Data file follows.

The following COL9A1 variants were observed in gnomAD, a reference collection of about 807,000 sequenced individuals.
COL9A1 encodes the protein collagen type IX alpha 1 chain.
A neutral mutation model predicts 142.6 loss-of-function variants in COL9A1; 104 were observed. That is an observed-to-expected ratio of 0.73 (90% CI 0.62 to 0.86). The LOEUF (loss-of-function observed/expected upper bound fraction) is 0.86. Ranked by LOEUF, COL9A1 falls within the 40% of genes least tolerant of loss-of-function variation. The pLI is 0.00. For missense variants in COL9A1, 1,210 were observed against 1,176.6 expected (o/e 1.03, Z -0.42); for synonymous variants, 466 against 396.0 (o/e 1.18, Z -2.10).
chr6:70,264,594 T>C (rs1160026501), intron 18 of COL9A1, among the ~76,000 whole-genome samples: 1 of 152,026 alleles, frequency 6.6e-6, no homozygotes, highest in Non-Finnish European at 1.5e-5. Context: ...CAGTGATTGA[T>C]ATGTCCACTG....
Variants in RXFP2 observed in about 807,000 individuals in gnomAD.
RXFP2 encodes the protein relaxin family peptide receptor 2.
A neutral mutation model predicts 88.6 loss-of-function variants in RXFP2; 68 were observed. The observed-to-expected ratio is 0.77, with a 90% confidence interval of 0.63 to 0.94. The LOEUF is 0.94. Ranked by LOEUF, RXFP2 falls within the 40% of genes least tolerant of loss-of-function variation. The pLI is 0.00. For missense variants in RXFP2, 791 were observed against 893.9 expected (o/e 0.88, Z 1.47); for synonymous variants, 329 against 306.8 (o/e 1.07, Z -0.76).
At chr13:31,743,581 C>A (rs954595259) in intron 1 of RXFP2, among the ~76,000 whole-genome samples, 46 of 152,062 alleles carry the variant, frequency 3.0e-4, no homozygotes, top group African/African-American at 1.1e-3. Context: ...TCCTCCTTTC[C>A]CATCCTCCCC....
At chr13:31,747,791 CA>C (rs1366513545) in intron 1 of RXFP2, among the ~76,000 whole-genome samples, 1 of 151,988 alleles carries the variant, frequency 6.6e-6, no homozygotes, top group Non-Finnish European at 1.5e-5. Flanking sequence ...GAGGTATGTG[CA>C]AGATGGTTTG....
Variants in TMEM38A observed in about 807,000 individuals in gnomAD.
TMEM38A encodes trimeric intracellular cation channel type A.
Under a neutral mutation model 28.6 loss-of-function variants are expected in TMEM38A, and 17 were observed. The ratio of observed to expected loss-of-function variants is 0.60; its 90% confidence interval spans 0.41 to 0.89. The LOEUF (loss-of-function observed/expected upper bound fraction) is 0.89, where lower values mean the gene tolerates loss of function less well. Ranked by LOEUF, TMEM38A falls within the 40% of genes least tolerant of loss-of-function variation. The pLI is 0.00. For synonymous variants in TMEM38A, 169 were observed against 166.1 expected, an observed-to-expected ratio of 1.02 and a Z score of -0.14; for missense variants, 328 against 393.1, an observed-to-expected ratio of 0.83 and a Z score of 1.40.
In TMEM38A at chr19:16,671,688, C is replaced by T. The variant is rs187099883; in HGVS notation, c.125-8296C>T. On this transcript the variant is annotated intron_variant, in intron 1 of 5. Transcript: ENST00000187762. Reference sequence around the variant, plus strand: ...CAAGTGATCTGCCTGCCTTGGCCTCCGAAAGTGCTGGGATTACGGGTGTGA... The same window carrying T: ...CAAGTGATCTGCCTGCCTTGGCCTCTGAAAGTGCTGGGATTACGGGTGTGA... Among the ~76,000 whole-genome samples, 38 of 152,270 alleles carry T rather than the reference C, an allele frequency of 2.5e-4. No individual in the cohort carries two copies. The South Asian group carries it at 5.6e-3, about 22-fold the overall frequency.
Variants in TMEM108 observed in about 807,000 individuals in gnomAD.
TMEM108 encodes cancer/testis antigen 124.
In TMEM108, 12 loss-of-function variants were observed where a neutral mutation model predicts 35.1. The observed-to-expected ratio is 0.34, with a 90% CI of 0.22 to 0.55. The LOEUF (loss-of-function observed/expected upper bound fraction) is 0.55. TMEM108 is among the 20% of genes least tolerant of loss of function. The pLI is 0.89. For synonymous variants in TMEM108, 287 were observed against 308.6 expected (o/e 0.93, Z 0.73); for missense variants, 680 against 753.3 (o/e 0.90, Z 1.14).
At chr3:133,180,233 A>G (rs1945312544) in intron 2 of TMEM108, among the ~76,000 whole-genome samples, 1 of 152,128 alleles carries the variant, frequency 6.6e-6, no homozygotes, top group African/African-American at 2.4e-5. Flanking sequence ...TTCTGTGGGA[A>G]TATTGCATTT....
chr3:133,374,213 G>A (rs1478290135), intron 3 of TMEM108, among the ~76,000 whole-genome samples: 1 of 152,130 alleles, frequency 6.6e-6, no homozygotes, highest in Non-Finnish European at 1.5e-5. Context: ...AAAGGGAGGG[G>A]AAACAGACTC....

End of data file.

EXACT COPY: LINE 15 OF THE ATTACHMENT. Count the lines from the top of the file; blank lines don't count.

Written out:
TMEM108 encodes cancer/testis antigen 124.